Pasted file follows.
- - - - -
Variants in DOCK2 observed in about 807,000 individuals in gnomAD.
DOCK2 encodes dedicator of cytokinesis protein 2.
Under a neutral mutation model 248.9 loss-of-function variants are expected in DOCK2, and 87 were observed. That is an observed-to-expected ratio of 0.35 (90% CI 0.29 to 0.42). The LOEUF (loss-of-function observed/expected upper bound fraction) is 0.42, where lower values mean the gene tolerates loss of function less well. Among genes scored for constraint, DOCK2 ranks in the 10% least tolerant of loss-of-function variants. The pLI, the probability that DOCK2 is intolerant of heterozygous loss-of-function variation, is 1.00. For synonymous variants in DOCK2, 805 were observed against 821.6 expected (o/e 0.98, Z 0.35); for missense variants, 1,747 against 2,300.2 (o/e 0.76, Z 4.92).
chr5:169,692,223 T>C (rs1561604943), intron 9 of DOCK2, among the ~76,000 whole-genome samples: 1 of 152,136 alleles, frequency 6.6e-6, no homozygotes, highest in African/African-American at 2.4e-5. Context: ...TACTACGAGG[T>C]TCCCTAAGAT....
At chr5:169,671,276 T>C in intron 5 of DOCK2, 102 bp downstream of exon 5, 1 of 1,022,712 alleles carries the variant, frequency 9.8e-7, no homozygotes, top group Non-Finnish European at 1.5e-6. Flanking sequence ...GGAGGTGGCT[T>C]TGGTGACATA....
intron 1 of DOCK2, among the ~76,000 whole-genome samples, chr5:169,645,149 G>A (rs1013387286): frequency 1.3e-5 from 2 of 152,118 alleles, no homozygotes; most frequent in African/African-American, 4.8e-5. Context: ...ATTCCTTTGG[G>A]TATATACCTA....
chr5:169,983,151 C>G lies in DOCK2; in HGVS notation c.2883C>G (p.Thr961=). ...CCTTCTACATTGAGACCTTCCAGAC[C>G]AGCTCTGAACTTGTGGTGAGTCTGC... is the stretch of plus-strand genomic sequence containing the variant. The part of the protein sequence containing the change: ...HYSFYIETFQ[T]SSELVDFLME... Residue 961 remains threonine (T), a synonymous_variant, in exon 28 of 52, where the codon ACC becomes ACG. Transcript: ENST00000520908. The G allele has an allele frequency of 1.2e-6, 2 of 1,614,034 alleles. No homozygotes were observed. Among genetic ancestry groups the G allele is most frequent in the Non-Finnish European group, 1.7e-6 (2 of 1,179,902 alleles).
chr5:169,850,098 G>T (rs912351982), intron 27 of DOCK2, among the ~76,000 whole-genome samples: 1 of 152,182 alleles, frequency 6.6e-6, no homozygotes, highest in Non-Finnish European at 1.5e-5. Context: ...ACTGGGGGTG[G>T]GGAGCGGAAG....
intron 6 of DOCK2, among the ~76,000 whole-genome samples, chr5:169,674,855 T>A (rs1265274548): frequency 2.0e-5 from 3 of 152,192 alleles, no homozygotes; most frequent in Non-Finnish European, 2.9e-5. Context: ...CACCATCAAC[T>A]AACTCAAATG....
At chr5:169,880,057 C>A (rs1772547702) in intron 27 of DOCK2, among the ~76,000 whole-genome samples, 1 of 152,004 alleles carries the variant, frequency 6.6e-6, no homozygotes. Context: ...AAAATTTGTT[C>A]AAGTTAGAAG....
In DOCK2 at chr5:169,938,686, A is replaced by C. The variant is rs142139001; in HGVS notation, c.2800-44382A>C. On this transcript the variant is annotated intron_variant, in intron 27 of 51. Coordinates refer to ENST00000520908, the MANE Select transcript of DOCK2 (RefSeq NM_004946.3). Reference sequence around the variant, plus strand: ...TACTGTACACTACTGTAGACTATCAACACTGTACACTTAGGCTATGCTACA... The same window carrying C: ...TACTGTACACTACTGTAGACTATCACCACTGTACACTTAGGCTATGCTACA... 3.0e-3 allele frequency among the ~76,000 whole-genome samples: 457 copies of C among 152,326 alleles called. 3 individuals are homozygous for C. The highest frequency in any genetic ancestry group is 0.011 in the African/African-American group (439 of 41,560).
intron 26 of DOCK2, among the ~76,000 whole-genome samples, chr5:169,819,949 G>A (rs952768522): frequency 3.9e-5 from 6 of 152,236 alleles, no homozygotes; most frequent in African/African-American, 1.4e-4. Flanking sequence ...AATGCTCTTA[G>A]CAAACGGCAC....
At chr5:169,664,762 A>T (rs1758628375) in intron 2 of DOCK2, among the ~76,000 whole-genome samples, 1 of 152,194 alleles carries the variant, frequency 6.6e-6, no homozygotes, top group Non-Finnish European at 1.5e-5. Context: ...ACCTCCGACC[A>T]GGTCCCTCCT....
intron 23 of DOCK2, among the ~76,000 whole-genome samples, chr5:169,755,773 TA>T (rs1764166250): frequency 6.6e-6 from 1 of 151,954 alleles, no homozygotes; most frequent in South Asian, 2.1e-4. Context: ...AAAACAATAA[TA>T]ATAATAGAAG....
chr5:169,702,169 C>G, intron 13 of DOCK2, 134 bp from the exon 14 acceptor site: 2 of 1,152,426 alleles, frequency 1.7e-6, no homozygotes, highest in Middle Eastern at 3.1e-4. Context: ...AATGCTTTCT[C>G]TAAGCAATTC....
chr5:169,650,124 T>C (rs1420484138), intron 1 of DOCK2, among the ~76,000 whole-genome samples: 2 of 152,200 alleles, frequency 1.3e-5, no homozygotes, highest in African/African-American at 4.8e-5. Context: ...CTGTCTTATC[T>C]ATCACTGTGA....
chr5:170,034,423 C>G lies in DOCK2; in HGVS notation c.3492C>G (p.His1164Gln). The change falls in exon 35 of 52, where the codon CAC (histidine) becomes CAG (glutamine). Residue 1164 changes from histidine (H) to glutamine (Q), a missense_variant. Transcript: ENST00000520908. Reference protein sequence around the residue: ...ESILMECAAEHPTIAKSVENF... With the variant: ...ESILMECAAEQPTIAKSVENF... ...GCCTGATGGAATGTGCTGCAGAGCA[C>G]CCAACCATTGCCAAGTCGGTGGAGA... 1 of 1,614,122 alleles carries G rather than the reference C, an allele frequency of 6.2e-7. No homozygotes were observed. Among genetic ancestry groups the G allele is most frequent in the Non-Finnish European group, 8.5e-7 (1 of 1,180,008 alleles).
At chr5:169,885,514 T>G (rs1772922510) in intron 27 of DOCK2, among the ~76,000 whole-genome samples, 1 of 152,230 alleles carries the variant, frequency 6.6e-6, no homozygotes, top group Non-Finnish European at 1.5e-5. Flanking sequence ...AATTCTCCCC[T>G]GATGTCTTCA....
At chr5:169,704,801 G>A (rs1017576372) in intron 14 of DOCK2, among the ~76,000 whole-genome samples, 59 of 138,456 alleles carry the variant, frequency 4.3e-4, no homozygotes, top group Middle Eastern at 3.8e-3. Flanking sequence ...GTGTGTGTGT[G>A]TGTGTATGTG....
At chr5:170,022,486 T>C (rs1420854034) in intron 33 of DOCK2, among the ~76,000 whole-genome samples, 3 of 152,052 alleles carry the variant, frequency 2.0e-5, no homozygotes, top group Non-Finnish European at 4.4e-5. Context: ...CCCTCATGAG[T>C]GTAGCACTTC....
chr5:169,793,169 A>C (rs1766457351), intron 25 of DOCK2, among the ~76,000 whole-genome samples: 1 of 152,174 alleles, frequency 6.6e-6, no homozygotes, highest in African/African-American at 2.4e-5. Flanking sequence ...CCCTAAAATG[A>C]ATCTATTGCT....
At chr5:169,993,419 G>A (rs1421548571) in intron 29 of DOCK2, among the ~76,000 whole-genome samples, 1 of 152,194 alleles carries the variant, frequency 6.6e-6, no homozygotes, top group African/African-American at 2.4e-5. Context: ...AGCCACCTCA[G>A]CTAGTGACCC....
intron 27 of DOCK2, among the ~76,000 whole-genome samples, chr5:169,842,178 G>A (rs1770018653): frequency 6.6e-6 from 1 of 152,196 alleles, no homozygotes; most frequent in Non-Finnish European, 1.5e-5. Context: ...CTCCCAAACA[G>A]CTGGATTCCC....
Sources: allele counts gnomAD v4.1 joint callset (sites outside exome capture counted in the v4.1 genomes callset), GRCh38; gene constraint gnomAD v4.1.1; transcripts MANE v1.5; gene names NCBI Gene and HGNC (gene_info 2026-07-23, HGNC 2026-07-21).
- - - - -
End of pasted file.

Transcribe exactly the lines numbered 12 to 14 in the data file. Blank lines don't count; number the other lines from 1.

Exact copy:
intron 26 of DOCK2, among the ~76,000 whole-genome samples, chr5:169,819,949 G>A (rs952768522): frequency 3.9e-5 from 6 of 152,236 alleles, no homozygotes; most frequent in African/African-American, 1.4e-4. Flanking sequence ...AATGCTCTTA[G>A]CAAACGGCAC....
At chr5:169,664,762 A>T (rs1758628375) in intron 2 of DOCK2, among the ~76,000 whole-genome samples, 1 of 152,194 alleles carries the variant, frequency 6.6e-6, no homozygotes, top group Non-Finnish European at 1.5e-5. Context: ...ACCTCCGACC[A>T]GGTCCCTCCT....
intron 23 of DOCK2, among the ~76,000 whole-genome samples, chr5:169,755,773 TA>T (rs1764166250): frequency 6.6e-6 from 1 of 151,954 alleles, no homozygotes; most frequent in South Asian, 2.1e-4. Context: ...AAAACAATAA[TA>T]ATAATAGAAG....